Estate planning is an important aspect of a family plan for any parent and it takes on even greater significance for the parent of a special needs child.
A Will. Wills are important for a variety of reasons. They allow individuals to select beneficiaries and to establish the times at which beneficiaries receive the assets. Wills also name the fiduciaries who administer the estate and any trusts created under the will. Most importantly, they identify the person who will raise the child. A will ensures that assets are not placed in a child’s hands before the child is responsible enough to invest and use the assets prudently.
For the parent of a special needs child, a will is especially important. Leaving assets (through intestate succession – by state law where a person dies without a will -or through a will) outright to a special needs child can result in the disqualification of the child from receiving government assistance. With a properly structured will, assets allocated to a special needs child can be held in a trust which does not affect the child’s eligibility for these governmental benefits. A parent developing a plan must determine how to allocate assets among children taking into consideration the potential ability of each child to earn a living, the likely financial needs of each child, and the assets available.
Thought must also be given to who is best qualified to make financial decisions on behalf of a child. The trustee (and successors) should be someone whom the parent trusts implicitly, has some financial savvy and is sensitive to any unique needs of the beneficiaries.
In developing an estate plan, consideration must be given to the tax consequences of the plan. This is important so that the assets available to pass to a special needs child and other family members can be maximized.
Power of Attorney. A power of attorney allows an individual to appoint people to manage his or her assets and make investment decisions on his or her behalf. Having this document avoids the necessity of having to go to court to get someone appointed as a guardian if an individual cannot manage his or her own affairs. This document is important for all individuals, but especially for a special needs child who is capable of signing such a document.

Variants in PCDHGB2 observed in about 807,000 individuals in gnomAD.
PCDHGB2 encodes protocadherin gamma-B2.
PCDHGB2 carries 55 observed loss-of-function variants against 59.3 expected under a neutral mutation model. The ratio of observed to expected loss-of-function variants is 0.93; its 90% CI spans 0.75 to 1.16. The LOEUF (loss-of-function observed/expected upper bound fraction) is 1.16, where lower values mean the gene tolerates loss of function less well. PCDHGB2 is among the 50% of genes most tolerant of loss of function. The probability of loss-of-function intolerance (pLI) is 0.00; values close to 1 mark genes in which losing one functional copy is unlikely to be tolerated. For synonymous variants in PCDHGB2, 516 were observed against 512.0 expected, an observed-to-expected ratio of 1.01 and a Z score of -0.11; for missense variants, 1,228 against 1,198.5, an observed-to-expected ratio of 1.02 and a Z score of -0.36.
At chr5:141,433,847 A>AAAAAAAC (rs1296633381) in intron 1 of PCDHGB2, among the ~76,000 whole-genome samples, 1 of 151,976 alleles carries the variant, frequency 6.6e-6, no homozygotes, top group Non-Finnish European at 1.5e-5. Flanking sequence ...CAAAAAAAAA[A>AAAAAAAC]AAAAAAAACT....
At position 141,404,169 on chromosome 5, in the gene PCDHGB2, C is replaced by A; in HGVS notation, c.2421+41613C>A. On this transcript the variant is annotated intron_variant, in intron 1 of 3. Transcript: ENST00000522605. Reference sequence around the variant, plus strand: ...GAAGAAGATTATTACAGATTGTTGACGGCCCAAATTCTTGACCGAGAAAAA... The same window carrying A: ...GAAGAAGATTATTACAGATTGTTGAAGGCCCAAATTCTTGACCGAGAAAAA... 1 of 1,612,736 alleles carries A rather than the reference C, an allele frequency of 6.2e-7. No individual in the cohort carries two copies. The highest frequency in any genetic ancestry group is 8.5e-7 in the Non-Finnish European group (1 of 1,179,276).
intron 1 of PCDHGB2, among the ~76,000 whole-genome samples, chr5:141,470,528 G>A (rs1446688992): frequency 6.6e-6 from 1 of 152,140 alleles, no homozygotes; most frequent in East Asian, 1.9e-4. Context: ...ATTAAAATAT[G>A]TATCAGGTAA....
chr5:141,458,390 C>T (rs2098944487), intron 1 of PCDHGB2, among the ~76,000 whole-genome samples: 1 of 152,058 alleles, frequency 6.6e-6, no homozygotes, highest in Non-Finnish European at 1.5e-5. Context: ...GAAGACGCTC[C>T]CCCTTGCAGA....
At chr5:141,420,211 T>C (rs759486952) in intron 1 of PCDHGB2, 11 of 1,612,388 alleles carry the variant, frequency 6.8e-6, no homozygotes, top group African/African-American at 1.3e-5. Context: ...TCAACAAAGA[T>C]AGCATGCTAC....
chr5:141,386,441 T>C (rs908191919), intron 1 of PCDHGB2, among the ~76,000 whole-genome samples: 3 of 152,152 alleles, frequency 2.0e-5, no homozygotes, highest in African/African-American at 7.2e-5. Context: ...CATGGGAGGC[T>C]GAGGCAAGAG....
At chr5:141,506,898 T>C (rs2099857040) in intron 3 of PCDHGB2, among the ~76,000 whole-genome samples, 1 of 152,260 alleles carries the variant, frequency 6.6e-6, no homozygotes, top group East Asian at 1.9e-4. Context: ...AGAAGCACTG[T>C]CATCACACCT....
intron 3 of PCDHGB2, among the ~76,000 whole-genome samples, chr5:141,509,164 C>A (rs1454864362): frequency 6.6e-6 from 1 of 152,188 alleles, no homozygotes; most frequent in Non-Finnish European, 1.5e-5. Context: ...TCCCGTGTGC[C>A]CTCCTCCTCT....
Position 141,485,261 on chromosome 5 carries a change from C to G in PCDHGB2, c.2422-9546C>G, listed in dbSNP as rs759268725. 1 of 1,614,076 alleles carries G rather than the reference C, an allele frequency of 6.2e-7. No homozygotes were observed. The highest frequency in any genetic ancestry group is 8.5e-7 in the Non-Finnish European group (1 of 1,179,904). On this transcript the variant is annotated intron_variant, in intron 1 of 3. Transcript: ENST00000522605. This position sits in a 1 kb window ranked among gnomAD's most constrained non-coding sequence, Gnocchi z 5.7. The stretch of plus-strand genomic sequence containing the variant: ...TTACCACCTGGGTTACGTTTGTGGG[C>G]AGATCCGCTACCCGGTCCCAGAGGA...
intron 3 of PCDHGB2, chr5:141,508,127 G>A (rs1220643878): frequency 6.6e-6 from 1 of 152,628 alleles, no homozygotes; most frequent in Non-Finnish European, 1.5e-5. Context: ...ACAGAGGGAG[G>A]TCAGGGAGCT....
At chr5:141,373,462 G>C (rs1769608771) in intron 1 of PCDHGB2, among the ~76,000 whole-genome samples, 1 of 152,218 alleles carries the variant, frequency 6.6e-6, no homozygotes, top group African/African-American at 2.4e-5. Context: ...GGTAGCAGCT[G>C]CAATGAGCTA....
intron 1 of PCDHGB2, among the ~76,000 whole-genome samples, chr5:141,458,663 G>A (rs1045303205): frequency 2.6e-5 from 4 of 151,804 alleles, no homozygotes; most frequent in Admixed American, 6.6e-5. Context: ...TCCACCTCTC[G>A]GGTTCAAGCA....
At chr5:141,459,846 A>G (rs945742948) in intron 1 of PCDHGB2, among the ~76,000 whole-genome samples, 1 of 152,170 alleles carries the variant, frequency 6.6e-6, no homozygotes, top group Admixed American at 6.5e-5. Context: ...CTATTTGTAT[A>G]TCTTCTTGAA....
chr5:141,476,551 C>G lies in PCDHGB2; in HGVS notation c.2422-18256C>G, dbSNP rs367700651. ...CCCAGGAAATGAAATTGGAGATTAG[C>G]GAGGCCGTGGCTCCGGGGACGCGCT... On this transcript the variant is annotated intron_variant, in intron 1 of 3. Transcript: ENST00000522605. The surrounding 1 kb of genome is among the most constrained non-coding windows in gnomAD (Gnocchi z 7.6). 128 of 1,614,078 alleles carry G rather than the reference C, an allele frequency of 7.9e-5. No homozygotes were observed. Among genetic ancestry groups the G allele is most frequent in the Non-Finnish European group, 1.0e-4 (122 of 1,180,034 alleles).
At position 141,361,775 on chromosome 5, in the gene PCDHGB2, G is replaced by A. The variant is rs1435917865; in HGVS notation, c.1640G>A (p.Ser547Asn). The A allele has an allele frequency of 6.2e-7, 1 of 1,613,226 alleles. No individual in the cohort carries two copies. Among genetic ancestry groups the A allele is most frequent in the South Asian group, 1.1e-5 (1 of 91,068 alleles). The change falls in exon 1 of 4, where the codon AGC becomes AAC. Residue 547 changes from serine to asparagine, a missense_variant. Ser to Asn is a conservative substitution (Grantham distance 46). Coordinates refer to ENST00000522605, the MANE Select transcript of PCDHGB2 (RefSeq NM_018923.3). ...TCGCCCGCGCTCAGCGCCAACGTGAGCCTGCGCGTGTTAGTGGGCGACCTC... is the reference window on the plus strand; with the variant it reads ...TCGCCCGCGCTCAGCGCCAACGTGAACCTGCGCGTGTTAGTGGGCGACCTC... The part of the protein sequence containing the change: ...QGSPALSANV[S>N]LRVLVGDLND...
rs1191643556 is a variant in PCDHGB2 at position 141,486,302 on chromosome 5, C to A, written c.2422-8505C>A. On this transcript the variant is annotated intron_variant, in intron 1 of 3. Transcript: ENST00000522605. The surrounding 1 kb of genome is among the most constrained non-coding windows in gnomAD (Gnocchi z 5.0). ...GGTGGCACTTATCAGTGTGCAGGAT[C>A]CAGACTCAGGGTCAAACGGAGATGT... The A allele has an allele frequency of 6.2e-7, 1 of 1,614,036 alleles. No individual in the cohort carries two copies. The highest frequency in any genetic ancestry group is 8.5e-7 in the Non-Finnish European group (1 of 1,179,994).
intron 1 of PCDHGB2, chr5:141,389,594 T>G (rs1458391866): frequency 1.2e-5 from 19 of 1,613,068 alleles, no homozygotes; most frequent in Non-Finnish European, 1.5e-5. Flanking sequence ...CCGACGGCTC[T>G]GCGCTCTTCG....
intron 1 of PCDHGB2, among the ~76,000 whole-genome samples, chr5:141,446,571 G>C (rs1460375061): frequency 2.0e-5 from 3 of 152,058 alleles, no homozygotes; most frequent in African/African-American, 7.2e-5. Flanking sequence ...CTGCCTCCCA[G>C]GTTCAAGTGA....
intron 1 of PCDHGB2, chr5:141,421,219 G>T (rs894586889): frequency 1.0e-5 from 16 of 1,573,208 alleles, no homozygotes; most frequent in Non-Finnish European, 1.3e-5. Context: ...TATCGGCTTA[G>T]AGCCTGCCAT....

Health Care Proxies. Health care proxies serve two purposes. First, this document asserts an individual’s desire to be free from the use of life-sustaining or prolonging procedures and medications if the individual becomes irreversibly or terminally ill. Second, the health care proxy can direct a health care agent appointed to make a wide range of medical and health care decisions, if the individual is unable to articulate his or her own preferences.
Again, this is an important document for all individuals, including a special needs child who is capable of appointing an individual to act on his or her behalf where appropriate.
Insurance. Insurance is an important asset used in connection with an estate plan. Insurance can be used to ensure that sufficient assets are available to provide adequate income to the surviving spouse, to provide for the lifetime care of the special needs child and to provide sufficient assets to care for any other children until they finish schooling and are able to earn a living. This is critical for a young family with a special needs child who will need sufficient assets to maintain his or her care over an extended period of time.
Estate planning is essential for any parent, but takes on additional significance for the parent of a child with special needs. In addressing the plan, a parent should make sure he or she is being counseled by an attorney with experience handling the sensitive issues accompanying a specials needs child.
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